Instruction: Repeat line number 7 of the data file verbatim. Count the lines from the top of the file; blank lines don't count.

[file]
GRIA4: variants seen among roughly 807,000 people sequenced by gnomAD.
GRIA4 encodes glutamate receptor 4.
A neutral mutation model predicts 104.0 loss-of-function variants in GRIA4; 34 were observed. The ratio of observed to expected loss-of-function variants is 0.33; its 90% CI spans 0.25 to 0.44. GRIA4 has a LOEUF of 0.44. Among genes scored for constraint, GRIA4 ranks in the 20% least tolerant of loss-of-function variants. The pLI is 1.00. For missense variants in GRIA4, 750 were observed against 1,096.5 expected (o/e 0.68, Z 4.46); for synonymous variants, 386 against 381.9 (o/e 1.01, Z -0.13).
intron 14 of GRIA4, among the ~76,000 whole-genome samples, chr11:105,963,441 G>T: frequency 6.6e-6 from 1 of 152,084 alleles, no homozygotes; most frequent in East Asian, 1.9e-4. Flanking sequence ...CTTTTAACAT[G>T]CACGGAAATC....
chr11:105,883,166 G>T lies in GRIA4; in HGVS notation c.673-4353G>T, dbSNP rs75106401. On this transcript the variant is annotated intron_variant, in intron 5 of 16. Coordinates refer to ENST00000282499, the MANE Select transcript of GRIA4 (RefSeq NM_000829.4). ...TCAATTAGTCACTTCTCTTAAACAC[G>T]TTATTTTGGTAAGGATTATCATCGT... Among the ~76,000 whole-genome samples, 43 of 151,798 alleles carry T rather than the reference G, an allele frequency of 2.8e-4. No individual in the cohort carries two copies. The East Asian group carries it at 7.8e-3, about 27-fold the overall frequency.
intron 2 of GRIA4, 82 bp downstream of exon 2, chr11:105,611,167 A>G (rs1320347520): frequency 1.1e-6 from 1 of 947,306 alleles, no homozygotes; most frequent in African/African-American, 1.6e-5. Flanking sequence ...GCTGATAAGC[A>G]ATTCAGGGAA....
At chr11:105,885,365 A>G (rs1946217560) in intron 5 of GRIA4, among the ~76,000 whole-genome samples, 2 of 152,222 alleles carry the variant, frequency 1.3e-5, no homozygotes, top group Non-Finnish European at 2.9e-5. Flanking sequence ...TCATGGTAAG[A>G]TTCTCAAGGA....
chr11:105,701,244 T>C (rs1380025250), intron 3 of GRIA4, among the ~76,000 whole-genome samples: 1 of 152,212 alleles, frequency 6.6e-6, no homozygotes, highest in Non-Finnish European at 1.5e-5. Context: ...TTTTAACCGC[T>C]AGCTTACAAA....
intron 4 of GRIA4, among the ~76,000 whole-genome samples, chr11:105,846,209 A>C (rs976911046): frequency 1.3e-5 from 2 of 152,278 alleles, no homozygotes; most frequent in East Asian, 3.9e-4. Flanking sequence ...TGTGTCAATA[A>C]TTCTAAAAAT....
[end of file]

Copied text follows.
At chr11:105,885,365 A>G (rs1946217560) in intron 5 of GRIA4, among the ~76,000 whole-genome samples, 2 of 152,222 alleles carry the variant, frequency 1.3e-5, no homozygotes, top group Non-Finnish European at 2.9e-5. Flanking sequence ...TCATGGTAAG[A>G]TTCTCAAGGA....